Everyone agrees the corporate income tax is broken, but meaningful changes to it never seem to happen. And despite a flurry of recent attention, action on inversions — reincorporating a business in a foreign country in order to take advantage of lower rates — seems to keep being punted into the future.
Obama railed against inversions this week, calling for "economic patriotism." But Senate Democrats say they don't think Congress can address the issue before August recess, as Bloomberg reported this week. And even then, agreement looks tough: Republicans want broader tax-code reform, and not all Democrats are behind Obama.
Corporations are shouldering far less of a tax burden than they used to. Corporate tax revenues have declined as a share of GDP over the years, but individual tax revenues have held steady, according to a 2013 GAO report.
Corporations account for a much smaller share of the tax revenue pie than they used to. In 1952, corporations accounted for 32.1 percent of federal revenue. As of 2013, it was less than 10 percent.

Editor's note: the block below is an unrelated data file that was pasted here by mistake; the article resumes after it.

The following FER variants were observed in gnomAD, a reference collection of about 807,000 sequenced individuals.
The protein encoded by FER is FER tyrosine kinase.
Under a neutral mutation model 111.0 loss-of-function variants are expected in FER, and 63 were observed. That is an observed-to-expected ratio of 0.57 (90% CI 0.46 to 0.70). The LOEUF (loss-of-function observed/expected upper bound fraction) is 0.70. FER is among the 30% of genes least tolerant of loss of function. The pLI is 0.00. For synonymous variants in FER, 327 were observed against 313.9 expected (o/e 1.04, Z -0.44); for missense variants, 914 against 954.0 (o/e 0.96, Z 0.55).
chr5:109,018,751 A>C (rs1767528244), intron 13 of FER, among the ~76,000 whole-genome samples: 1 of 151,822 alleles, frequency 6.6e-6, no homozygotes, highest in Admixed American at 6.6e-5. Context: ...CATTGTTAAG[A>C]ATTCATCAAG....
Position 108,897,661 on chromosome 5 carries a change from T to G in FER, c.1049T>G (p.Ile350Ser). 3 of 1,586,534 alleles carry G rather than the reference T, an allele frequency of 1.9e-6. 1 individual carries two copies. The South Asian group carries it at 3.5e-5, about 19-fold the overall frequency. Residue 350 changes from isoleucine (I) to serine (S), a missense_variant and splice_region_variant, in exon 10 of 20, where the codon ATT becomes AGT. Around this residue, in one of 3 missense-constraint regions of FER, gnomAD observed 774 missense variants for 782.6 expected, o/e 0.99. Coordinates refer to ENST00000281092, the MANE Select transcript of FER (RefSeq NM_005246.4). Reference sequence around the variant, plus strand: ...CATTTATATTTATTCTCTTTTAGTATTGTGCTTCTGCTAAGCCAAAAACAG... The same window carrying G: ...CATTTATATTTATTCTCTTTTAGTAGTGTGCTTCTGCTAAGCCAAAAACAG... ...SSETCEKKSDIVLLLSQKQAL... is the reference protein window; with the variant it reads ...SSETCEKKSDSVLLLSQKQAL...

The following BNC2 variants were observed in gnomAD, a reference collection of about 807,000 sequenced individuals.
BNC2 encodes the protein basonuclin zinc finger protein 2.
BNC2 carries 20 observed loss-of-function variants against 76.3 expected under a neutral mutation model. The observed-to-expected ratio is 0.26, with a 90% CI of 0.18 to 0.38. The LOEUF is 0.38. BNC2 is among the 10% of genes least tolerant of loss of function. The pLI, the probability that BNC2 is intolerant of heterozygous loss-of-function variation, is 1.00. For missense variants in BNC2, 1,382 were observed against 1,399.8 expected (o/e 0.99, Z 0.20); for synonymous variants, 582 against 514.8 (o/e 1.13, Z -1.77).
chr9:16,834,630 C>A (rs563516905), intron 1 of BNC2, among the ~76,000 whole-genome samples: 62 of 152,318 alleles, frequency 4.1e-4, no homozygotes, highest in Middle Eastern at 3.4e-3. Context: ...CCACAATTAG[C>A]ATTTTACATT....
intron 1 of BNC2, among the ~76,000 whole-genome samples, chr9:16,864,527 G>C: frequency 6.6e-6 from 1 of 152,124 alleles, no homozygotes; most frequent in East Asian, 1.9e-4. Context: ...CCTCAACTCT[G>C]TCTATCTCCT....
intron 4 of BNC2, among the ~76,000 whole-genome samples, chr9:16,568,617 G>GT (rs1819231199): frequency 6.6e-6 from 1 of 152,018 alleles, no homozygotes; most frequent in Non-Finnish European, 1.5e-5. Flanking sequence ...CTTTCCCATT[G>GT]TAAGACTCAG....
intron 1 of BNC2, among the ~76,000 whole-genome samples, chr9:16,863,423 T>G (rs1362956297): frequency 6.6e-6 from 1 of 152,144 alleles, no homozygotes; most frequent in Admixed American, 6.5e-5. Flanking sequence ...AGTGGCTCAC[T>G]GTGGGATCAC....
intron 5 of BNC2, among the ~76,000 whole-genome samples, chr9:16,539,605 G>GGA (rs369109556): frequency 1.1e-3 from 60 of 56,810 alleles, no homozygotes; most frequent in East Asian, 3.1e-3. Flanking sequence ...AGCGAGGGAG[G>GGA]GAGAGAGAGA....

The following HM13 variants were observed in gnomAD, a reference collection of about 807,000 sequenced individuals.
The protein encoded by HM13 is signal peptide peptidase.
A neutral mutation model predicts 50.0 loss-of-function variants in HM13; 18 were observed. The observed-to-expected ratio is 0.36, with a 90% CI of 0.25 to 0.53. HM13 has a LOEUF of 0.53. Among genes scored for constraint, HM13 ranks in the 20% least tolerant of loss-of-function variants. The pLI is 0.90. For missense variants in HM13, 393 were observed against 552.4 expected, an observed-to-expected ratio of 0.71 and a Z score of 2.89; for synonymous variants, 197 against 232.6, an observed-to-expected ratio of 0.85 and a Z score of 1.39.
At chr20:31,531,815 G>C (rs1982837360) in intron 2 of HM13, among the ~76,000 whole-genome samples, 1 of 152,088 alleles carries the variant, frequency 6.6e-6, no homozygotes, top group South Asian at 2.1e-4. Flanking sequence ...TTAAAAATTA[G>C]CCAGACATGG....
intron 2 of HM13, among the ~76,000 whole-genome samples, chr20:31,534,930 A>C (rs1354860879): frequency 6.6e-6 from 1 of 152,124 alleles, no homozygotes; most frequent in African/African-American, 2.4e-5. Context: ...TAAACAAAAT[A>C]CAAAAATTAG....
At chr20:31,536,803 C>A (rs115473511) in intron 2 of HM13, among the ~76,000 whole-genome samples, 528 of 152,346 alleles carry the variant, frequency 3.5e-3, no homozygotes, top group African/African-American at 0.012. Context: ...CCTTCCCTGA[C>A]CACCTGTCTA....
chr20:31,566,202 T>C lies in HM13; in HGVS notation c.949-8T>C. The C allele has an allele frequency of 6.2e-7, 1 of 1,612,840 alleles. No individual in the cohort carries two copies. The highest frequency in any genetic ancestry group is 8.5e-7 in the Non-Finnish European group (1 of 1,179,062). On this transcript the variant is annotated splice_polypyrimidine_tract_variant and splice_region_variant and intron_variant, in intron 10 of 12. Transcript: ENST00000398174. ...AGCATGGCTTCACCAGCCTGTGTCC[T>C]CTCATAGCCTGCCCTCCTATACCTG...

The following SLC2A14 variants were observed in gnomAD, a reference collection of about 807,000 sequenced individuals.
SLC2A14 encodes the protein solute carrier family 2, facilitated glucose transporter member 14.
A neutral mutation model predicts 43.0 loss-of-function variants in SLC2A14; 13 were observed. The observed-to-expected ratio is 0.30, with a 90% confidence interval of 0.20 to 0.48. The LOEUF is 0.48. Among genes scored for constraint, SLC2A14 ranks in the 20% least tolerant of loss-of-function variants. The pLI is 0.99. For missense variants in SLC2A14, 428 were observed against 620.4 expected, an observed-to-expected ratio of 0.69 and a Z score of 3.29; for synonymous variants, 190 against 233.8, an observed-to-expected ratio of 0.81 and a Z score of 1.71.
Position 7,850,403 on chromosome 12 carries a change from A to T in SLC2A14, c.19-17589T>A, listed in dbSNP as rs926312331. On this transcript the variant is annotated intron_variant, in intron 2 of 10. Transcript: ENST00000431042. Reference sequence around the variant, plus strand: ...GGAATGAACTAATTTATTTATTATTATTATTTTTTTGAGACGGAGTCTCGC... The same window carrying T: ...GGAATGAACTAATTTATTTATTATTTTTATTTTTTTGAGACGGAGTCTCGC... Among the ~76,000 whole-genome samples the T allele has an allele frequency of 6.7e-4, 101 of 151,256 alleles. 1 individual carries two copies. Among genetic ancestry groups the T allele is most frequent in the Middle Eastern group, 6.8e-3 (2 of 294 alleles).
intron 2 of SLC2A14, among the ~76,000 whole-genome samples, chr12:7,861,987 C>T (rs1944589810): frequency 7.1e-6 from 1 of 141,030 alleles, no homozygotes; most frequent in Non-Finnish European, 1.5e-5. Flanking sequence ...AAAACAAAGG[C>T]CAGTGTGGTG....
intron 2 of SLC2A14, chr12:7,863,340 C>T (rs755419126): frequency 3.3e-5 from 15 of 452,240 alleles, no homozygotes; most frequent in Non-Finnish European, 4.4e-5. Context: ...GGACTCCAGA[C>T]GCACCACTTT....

It's understandable why US corporations seek out inversions — the US has the highest nominal corporate tax rate among developed countries, with a 35 percent top federal rate and a 39.1 percent average combined rate. While other countries' rates have fallen, the U.S.'s has stayed high.
But corporations are also very good at finding ways to pay less. The GAO found that all corporations who filed M-3s (a tax form for large and international corporations) paid an effective tax rate of 22.7 percent in 2013. Among profitable companies only, the rate was even lower, at 17 percent.
So even while the US corporate tax rate is high, its corporate tax revenue collections are low. That's one reason why, as of 2011, the US was on the low end of corporate tax revenue among OECD nations.